A richt interesting blether on FB this week anent the “uniqueness” o Scots. It isna, BTW.
Jim Scobbie Scots words are sometimes seen (proudly) as having crucial extra nuances of meaning, so that they can’t be translated directly into English, and I realise for the first time how much that idea undermines the status of Scots as an independent language. It means Scots is a jargon, or poetic resource, rather than an alternative equivalent language.
Bärney Dëllar ALL languages have words that can’t be directly translated into other languages. It shouldn’t be seen as a big deal.
Dafydd Gadwall The simple fact is that many words in different languages have multiple meanings that form overlapping Venn diagrams iwiht corresponding words in other languages.
Richard Dury It’s an interesting point: The case for Scots as a standard or national language can’t be based on the argument that it is better as a language. All languages and dialects will have some fascinatingly-nuanced vocabulary and language-use, perhaps especially in small, culturally unified communities.
John M. Tait The idea that Scots is uniquely unique – that is, unique in the extent of its uniqueness – seems to be one of the myths which has become associated with it. On the one hand it can be related to what I call the ‘availability error’ – the fact that, because Scots is not a written language available at the acrolect level, features which are actually owing to its basilect status are perceived as being intrinsic to it.
Perhaps the most obvious of these is the often repeated assertion that Scots consists of, or is ‘on’, a continuum with English, which I would argue simply reflects the fact that only the English end of the continuum is defined, and what would in other situations be seen as an ongoing blending of two entities – Scots and English – in the direction of English is seen rather as an intrinsic and essential feature of what is regarded as Scots.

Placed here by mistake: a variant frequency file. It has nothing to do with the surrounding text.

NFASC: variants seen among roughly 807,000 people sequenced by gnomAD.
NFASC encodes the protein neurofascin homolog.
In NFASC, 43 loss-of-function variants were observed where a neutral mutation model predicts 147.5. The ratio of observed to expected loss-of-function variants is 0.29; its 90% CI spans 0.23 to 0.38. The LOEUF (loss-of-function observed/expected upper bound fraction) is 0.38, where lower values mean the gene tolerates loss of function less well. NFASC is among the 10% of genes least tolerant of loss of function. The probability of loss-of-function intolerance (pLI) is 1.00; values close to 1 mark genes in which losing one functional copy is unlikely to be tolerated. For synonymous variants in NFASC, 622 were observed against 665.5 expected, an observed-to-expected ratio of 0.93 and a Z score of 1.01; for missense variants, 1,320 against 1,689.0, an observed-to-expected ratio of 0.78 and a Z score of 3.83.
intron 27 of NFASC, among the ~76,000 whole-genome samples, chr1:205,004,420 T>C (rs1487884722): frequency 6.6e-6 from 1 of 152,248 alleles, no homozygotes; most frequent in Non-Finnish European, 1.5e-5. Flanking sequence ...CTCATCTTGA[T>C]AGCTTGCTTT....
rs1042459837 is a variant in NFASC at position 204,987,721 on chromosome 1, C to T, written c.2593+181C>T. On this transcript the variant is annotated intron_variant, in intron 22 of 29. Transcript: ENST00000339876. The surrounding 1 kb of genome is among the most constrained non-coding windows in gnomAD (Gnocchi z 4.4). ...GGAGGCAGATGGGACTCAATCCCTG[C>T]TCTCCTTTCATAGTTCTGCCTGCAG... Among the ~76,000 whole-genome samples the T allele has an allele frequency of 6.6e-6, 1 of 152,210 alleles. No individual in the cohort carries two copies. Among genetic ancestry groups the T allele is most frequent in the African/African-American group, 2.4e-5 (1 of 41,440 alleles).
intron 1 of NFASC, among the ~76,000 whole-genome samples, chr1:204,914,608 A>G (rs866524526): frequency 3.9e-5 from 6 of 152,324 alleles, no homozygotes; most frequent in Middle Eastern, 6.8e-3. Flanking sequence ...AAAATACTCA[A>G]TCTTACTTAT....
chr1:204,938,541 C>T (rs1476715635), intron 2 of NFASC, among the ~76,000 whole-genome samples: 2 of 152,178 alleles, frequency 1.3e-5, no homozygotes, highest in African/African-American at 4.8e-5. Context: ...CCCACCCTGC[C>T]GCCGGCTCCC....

This perceived – I would say, sociomythic – uniqueness of Scots is also often used as an argument against comparisons with other marginalised languages. From my website article above:
‘Another aspect of the availability error – and an indicator of its irrationality – is the fact that it brooks no comparisons. Arguments relating to other languages which seem to be doing all right in spite of having all the characteristics which are held to be fatal to Scots fall on deaf ears. The immediate availability of Scots in its present impoverished condition, and the complete clampdown of Scottish society on any holistic knowledge either of or about it, means that tiny scraps of knowledge about Scots can seem like revelations, minute token instances of it outside of its traditional domains can seem revolutionary, and elementary – even incorrect – knowledge of it can be passed off as expertise. The bigger picture is completely blanked out, and Scots perceived and treated as though it were unique in the universe, the word ‘Scots’ defined in terms of its current status and situation.’
Certainly the view of Robertson that Scots is to be valued as a language especially suited to expressing anarchism, nomadism and hedonism and of its existing in a state of perpetual register tension with standard English – an impression clearly resulting from and dependent upon its basilect status -is related to this uniqueness mythology.
The following comments by Robertson particularly illustrate this view:
‘The real reason for developing, encouraging and using Scots is not that it should articulate everything, but that it can articulate things which, for whatever reason, English cannot, or which writers and speakers feel are beyond English.’
‘Realistically, it seems to me, the future for Scots lies in exploiting its close relationship with English, in generating positive, progressive energy from that juxtaposition and the tensions it creates.’